Originally Posted by nangu
I ran a lot of tests on my Aorus Master / 3900X setup, and the behaviour of my system is the same as yours. I tried Stock PB, PBO Auto, PBO Manual, PBO Maxed, undervolting 0.05 and 0.1 vCore, etc. Cinebench R15, R20 and CPU-z benchmarks all have variances which you can say are between margin of error. It's the same with game benchmarks. I tried F1 2016 which is a multithreaded one, and IL-2 which is heavily ST and core clock dependant. Max sustained core clock I can see on ST on this game is 4.3Ghz, bouncing between core 0 and core 2 constantly. I know my CPU can handle 4.4Ghz on the first CCX, so CCX OC gives me better results in both ST and MT scenarios, with better thermals as a bonus. I don't fully understand why PBO can't sustain at least 4.4Ghz on heavily ST workloads.
I recorded spikes in ST 25Mhz higher than stock with PBO enabled, but these spikes are not sustained to show an improvement.
At this moment, PBO does nothing to performance, and increase power consumption and heat a lot, so it's useless. I can run Stock with 0.05 to 0.075 vcore undervolt and performance it's ~1% lower, but with much better thermals and power consumption, and I can regain that 1% with memory OC eventually.
You can read the strictly technical post by the @The Stilt here.
I found it to be pretty informative. Essentially, the Zen2 CPUs are all voltage bound. The have an acceptable voltage that they allow for light and heavy threaded workloads. Most of the processors are already voltage bound at stock, so enabling PBO and altering the PPT, TDC, and EDC limits does nothing, as the CPU wasn't bound by those parameters. I have attached a few excerpts from that post that best illustrate the issue, but basically Matisse CPUs are voltage maxed even a stock.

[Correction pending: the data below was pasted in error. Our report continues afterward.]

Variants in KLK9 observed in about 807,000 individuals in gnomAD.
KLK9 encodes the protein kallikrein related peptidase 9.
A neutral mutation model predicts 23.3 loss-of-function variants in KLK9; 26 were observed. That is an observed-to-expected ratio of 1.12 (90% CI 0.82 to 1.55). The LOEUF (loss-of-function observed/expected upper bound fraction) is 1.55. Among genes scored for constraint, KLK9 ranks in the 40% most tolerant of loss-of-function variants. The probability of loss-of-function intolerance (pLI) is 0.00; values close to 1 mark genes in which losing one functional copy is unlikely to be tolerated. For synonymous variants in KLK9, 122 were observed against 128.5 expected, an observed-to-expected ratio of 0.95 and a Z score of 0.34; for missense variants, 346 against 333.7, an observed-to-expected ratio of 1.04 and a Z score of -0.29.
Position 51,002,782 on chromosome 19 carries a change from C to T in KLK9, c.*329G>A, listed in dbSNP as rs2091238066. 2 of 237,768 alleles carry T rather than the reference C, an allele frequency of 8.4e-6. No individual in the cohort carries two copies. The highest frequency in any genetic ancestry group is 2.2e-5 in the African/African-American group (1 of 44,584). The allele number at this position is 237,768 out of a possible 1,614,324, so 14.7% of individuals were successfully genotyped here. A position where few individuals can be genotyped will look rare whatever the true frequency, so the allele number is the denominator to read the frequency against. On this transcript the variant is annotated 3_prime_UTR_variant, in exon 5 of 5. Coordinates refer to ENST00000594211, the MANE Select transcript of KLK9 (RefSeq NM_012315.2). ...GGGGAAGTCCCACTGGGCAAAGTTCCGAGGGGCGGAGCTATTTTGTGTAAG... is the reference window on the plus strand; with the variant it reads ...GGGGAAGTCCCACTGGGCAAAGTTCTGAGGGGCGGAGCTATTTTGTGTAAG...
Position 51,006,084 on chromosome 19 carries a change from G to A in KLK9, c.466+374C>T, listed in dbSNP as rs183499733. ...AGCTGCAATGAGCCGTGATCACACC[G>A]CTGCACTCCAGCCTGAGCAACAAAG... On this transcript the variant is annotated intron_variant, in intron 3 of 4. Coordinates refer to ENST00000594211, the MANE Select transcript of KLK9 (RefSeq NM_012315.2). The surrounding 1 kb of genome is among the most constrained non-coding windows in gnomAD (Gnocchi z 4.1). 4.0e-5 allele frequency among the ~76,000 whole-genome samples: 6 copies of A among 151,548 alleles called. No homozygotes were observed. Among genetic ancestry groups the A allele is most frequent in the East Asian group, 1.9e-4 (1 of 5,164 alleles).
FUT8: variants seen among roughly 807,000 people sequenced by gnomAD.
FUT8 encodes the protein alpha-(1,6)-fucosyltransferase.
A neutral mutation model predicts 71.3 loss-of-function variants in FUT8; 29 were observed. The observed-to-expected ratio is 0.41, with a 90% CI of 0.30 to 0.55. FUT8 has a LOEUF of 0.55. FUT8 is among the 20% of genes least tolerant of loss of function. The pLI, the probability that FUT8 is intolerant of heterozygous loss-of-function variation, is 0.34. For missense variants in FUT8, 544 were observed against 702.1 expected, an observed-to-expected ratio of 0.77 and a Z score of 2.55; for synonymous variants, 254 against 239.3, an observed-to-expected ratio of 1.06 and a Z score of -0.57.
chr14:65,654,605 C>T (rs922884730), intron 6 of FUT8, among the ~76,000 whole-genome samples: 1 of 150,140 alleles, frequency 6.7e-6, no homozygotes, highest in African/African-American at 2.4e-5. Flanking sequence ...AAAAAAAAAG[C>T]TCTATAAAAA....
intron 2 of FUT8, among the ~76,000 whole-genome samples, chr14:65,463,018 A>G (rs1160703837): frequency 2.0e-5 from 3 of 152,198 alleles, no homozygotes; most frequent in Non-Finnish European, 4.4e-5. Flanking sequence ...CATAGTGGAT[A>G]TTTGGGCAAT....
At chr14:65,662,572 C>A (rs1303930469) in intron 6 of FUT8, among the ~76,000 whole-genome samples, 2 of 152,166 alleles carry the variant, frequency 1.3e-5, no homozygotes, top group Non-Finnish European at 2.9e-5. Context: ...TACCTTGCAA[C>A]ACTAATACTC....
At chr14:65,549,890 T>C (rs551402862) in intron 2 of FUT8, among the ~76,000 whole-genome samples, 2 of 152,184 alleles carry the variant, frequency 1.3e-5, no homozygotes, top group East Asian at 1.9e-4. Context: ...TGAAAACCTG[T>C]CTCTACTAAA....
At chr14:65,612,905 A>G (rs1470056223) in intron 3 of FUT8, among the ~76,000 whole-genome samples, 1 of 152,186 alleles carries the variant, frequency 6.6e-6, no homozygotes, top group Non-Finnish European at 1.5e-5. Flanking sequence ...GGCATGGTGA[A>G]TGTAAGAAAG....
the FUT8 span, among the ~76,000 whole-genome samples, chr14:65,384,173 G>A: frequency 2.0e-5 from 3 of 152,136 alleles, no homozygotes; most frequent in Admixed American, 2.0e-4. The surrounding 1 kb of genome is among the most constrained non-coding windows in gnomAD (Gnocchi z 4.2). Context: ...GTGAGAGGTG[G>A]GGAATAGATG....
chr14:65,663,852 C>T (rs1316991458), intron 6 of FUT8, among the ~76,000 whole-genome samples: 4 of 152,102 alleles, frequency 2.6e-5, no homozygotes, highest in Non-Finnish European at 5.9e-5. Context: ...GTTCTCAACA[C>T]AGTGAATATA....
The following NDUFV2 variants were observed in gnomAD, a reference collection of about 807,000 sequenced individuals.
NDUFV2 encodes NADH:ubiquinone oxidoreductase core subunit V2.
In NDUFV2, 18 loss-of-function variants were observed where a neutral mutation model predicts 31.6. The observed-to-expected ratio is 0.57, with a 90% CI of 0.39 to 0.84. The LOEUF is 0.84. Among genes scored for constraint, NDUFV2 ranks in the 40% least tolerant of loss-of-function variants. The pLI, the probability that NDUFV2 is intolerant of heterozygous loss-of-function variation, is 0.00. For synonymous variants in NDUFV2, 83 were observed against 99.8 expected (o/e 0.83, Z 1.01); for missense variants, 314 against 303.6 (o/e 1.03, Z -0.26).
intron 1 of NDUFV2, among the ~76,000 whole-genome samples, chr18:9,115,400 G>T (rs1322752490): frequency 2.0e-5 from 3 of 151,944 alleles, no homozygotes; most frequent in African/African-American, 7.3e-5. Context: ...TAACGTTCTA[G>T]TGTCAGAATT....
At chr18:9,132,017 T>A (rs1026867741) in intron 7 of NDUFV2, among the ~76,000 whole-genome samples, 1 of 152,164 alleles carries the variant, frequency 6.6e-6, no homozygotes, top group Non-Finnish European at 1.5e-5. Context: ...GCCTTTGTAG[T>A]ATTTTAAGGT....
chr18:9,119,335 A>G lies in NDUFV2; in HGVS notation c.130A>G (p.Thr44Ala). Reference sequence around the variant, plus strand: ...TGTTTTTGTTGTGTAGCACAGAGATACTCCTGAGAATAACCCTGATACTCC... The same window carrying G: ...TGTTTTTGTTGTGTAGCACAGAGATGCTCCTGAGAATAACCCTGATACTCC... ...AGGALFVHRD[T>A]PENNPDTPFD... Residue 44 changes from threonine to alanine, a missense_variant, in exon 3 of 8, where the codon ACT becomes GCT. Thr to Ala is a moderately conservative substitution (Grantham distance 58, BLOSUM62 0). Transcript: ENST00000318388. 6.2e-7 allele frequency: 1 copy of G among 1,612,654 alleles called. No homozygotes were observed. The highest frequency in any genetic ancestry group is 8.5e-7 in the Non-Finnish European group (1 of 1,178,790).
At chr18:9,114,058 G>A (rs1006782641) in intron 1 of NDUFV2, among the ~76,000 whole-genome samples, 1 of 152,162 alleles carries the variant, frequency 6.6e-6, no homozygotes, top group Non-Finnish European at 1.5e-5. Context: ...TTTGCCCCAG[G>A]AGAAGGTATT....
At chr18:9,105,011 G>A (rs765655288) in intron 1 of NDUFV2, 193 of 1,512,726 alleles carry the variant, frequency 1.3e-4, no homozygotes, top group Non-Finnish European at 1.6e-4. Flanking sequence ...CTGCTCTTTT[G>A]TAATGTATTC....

Since the FIT voltage is met before stock PPT, TDC and EDC and/or temp limits, buying a motherboard with better VRMs does nothing, that wasn't the limiting factor anyway.
Adding better cooling does nothing, as the FIT voltage is designed to prevent the heat density on the tiny CCD from getting to high. The IHS simply cannot transfer heat away fast enough to make high voltages feasible without affecting silicon reliability.
Essentially, Matisse CPUs being bound by FIT will perform virtually identically for everyone, regardless of motherboard or cooling solution used. (Multicore may improve a bit with better cooling, but not single core boost).
That isn't really a bad thing, because AMD can argue that they want everyone to get the most out of these processors and they do. I think what muddies that water with this whole boost thing, is that AMD hasn't really published anything on FIT. They say that a CPU will boost to Fmax if TDC, EDC, PPT and temp limits haven't been met. So a user, who doesn't see that 4.6 GHz, can say, well I'll just buy a X570 with an awesome VRM, remove all limits with PBO and raise Fmax to 4.7 GHz and then I'll have my max boost no problem. Except, they don't hit it. In fact nothing seems to happen at all.
Post like this serve to muddy the waters further.
Hallock seems to say that a better VRM and cooling will get you better clocks. Except, with The Stilt's data and being FIT bound, that just isn't going to happen. I realize AMD wants to sell X570 mother boards with the chipsets they spent R&D money designing, but this floats really close to false advertising. Better to focus on the better audio DACs, PCIe 4.0, and next gen wifi to sell boards.